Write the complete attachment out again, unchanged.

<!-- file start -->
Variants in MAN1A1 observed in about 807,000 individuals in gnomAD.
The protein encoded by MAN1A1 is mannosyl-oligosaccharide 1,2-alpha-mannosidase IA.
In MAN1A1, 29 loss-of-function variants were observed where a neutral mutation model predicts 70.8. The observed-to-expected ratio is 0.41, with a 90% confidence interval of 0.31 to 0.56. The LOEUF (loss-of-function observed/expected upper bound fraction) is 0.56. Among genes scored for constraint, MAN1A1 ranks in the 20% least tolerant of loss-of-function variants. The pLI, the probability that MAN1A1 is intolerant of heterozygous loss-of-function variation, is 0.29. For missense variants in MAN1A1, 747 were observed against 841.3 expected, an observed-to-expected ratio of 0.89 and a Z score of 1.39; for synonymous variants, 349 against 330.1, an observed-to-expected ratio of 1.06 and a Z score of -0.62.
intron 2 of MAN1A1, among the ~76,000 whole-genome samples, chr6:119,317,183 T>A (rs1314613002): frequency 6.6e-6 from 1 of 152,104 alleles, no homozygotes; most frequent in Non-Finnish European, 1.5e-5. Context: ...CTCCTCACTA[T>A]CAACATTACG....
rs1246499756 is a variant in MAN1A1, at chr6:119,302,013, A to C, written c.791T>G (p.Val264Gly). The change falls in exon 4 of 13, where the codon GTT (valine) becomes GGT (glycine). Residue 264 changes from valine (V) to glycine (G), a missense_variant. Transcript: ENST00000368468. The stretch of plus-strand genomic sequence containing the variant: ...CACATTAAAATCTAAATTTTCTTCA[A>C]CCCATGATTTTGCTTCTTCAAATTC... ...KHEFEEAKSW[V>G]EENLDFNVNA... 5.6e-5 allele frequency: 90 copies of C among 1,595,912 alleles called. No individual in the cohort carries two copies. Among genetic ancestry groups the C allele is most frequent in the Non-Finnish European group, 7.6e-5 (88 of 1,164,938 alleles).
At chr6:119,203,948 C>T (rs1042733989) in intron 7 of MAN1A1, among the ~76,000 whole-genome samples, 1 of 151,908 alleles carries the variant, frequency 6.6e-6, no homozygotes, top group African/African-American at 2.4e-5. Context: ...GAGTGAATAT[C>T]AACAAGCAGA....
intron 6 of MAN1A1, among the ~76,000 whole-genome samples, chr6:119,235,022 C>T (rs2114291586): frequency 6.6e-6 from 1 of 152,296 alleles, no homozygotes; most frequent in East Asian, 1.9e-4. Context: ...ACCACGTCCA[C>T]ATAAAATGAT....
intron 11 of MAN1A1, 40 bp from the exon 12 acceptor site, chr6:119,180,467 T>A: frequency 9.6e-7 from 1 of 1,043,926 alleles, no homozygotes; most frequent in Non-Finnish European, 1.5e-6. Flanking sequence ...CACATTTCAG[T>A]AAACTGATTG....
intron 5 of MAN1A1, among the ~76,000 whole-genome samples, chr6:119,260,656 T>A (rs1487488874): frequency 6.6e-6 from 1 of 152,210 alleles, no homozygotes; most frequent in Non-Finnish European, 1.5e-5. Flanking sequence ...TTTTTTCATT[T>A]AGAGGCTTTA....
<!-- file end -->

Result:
Variants in MAN1A1 observed in about 807,000 individuals in gnomAD.
The protein encoded by MAN1A1 is mannosyl-oligosaccharide 1,2-alpha-mannosidase IA.
In MAN1A1, 29 loss-of-function variants were observed where a neutral mutation model predicts 70.8. The observed-to-expected ratio is 0.41, with a 90% confidence interval of 0.31 to 0.56. The LOEUF (loss-of-function observed/expected upper bound fraction) is 0.56. Among genes scored for constraint, MAN1A1 ranks in the 20% least tolerant of loss-of-function variants. The pLI, the probability that MAN1A1 is intolerant of heterozygous loss-of-function variation, is 0.29. For missense variants in MAN1A1, 747 were observed against 841.3 expected, an observed-to-expected ratio of 0.89 and a Z score of 1.39; for synonymous variants, 349 against 330.1, an observed-to-expected ratio of 1.06 and a Z score of -0.62.
intron 2 of MAN1A1, among the ~76,000 whole-genome samples, chr6:119,317,183 T>A (rs1314613002): frequency 6.6e-6 from 1 of 152,104 alleles, no homozygotes; most frequent in Non-Finnish European, 1.5e-5. Context: ...CTCCTCACTA[T>A]CAACATTACG....
rs1246499756 is a variant in MAN1A1, at chr6:119,302,013, A to C, written c.791T>G (p.Val264Gly). The change falls in exon 4 of 13, where the codon GTT (valine) becomes GGT (glycine). Residue 264 changes from valine (V) to glycine (G), a missense_variant. Transcript: ENST00000368468. The stretch of plus-strand genomic sequence containing the variant: ...CACATTAAAATCTAAATTTTCTTCA[A>C]CCCATGATTTTGCTTCTTCAAATTC... ...KHEFEEAKSW[V>G]EENLDFNVNA... 5.6e-5 allele frequency: 90 copies of C among 1,595,912 alleles called. No individual in the cohort carries two copies. Among genetic ancestry groups the C allele is most frequent in the Non-Finnish European group, 7.6e-5 (88 of 1,164,938 alleles).
At chr6:119,203,948 C>T (rs1042733989) in intron 7 of MAN1A1, among the ~76,000 whole-genome samples, 1 of 151,908 alleles carries the variant, frequency 6.6e-6, no homozygotes, top group African/African-American at 2.4e-5. Context: ...GAGTGAATAT[C>T]AACAAGCAGA....
intron 6 of MAN1A1, among the ~76,000 whole-genome samples, chr6:119,235,022 C>T (rs2114291586): frequency 6.6e-6 from 1 of 152,296 alleles, no homozygotes; most frequent in East Asian, 1.9e-4. Context: ...ACCACGTCCA[C>T]ATAAAATGAT....
intron 11 of MAN1A1, 40 bp from the exon 12 acceptor site, chr6:119,180,467 T>A: frequency 9.6e-7 from 1 of 1,043,926 alleles, no homozygotes; most frequent in Non-Finnish European, 1.5e-6. Flanking sequence ...CACATTTCAG[T>A]AAACTGATTG....
intron 5 of MAN1A1, among the ~76,000 whole-genome samples, chr6:119,260,656 T>A (rs1487488874): frequency 6.6e-6 from 1 of 152,210 alleles, no homozygotes; most frequent in Non-Finnish European, 1.5e-5. Flanking sequence ...TTTTTTCATT[T>A]AGAGGCTTTA....